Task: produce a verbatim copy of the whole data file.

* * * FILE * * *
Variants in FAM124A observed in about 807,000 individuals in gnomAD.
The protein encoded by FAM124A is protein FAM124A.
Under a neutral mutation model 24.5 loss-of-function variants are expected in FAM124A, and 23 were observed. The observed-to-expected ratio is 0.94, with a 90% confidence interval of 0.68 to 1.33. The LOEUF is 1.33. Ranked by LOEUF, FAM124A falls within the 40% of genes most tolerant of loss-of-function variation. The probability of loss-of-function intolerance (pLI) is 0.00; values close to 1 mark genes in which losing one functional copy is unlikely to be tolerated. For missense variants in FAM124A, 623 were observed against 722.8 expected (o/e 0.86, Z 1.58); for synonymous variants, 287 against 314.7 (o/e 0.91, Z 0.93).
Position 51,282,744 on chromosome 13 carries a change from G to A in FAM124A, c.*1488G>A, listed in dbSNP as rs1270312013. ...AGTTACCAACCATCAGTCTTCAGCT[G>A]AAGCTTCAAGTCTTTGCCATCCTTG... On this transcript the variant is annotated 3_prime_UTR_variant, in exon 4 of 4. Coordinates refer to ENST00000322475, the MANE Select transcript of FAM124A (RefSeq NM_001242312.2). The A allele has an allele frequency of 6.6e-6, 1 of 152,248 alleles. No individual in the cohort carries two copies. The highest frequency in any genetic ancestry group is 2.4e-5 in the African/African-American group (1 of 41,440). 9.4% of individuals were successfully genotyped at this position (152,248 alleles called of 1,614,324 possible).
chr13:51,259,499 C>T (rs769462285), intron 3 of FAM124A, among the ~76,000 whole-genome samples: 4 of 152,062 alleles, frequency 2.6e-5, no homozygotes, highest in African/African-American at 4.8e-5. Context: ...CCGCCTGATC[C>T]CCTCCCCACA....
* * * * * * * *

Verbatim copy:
Variants in FAM124A observed in about 807,000 individuals in gnomAD.
The protein encoded by FAM124A is protein FAM124A.
Under a neutral mutation model 24.5 loss-of-function variants are expected in FAM124A, and 23 were observed. The observed-to-expected ratio is 0.94, with a 90% confidence interval of 0.68 to 1.33. The LOEUF is 1.33. Ranked by LOEUF, FAM124A falls within the 40% of genes most tolerant of loss-of-function variation. The probability of loss-of-function intolerance (pLI) is 0.00; values close to 1 mark genes in which losing one functional copy is unlikely to be tolerated. For missense variants in FAM124A, 623 were observed against 722.8 expected (o/e 0.86, Z 1.58); for synonymous variants, 287 against 314.7 (o/e 0.91, Z 0.93).
Position 51,282,744 on chromosome 13 carries a change from G to A in FAM124A, c.*1488G>A, listed in dbSNP as rs1270312013. ...AGTTACCAACCATCAGTCTTCAGCT[G>A]AAGCTTCAAGTCTTTGCCATCCTTG... On this transcript the variant is annotated 3_prime_UTR_variant, in exon 4 of 4. Coordinates refer to ENST00000322475, the MANE Select transcript of FAM124A (RefSeq NM_001242312.2). The A allele has an allele frequency of 6.6e-6, 1 of 152,248 alleles. No individual in the cohort carries two copies. The highest frequency in any genetic ancestry group is 2.4e-5 in the African/African-American group (1 of 41,440). 9.4% of individuals were successfully genotyped at this position (152,248 alleles called of 1,614,324 possible).
chr13:51,259,499 C>T (rs769462285), intron 3 of FAM124A, among the ~76,000 whole-genome samples: 4 of 152,062 alleles, frequency 2.6e-5, no homozygotes, highest in African/African-American at 4.8e-5. Context: ...CCGCCTGATC[C>T]CCTCCCCACA....